SNP projected to pick up two more seats than in 2011
Labour’s Scottish headaches continue unabated as new polling over the weekend suggests that the Conservatives continue to be snapping at their heals for second place in May’s elections to Holyrood.
According to the polling conducted by Panelbase for the Sunday Times, Labour are on 19 per cent of the constituency vote, just marginally ahead of the Conservatives on 18 per cent. The SNP are on 51 per cent with the Lib Dems on five per cent.
On the regional list section of the ballot, the Conservatives are just ahead of Labour on 19 per cent, with Labour on 18 per cent of the vote. The SNP meanwhile are on 47 per cent with the Lib Dems on four per cent and Greens on eight per cent.
Putting aside the SNP picking up two more seats than 2011, according to the Scotland Votes website, should such results be applied universally across Scotland, the Conservatives would become the second largest party at Holyrood with 24 seats up from the 15 they gained in 2011. Labour meanwhile would slump to just 22, down from the 37 MSPs they secured in 2011.
Such results mirror the finds of polling by YouGov for the Times last week which showed the Conservatives on course to become the official opposition in the Scottish Parliament, and Scottish Conservative Leader, Ruth Davidson, seen as the preferred candidate to lead the principle opposition party.
The results coincide with a paper published by the Electoral Reform Society on the Scottish elections. Written by Professor John Curtice of Strathclyde University it argues that the SNP could perform so well under the first-past-the-post constituency section of the vote that, under the electoral system used, a vote for them in the regional list section, using a form of proportional representation, could be wasted.
Noting that current polling suggests the SNP could take just two list seats, Curtice writes:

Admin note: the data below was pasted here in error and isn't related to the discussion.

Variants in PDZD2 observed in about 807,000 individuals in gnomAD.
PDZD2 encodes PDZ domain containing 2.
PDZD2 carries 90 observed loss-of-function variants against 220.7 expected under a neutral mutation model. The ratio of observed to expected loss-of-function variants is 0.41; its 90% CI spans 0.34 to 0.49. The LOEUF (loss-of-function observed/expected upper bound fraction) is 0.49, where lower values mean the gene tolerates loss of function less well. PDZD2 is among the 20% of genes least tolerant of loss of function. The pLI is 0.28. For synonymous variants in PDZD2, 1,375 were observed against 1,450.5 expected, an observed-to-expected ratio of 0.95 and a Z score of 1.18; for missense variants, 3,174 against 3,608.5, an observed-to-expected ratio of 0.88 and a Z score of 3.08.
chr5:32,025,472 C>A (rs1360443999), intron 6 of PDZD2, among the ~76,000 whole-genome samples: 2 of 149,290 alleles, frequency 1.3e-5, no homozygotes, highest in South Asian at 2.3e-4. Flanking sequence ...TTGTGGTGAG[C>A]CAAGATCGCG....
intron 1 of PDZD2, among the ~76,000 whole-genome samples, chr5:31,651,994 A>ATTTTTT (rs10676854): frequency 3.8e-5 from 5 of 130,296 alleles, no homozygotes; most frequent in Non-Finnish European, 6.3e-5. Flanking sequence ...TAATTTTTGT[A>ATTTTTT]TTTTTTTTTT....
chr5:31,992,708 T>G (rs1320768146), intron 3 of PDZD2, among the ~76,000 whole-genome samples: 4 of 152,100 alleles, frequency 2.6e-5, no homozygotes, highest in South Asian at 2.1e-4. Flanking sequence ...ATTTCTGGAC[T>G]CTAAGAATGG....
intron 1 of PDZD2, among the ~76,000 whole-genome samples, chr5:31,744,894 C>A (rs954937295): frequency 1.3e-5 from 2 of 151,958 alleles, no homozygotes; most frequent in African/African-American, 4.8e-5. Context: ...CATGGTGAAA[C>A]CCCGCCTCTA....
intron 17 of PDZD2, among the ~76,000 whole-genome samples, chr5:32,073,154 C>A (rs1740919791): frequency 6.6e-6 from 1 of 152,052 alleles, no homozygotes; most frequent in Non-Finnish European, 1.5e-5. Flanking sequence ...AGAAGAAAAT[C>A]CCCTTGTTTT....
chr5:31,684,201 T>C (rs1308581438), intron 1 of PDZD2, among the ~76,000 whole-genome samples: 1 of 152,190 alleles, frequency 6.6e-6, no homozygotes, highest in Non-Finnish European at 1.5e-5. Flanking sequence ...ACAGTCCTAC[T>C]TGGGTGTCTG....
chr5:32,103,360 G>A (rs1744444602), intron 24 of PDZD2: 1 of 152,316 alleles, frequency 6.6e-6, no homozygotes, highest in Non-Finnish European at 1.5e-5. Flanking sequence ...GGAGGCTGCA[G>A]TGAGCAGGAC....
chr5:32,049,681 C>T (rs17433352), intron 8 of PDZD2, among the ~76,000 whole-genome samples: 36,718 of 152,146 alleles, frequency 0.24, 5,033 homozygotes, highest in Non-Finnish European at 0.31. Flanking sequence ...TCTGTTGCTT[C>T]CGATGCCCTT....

“That would appear to imply that under this scenario many a list vote for the SNP would be ‘wasted’, that is it would fail to contribute towards the election of an MSP.
“Indeed, under our scenario that proves to be case for any regional list vote cast for the SNP anywhere other than in the Highland and Islands region, the only region where the party is projected to win any list seats.
“That this situation could arise in a number of regions, given the SNP’s current standing in the polls, has led to speculation that nationalist supporters might be wise on the second ballot to vote tactically for a different party, such as the Greens or the left-wing RISE grouping, both of which also support independence.
“That way their vote might contribute to the election of another independence-supporting MSP rather than apparently be wasted, though this is not a strategy without risks.”
The findings come as the SNP will this week launch its manifesto for the elections with a call for the Scottish Parliament to approve a second independence referendum, if, in the words of Nicola Sturgeon over the weekend, there is ‘clear and sustained’ evidence that most Scots want to leave the UK.
Such a commitment will prove controversial given the assurances given by many senior figures in the SNP that the 2014 referendum was a once in a generation event.
On the Andrew Marr show, Yvette Cooper MP brushed off a question about the existential threat that Brexit combined with a second Scottish referendum would pose to Labour. She argued that it would more importantly be an ‘existential moment for the country’.
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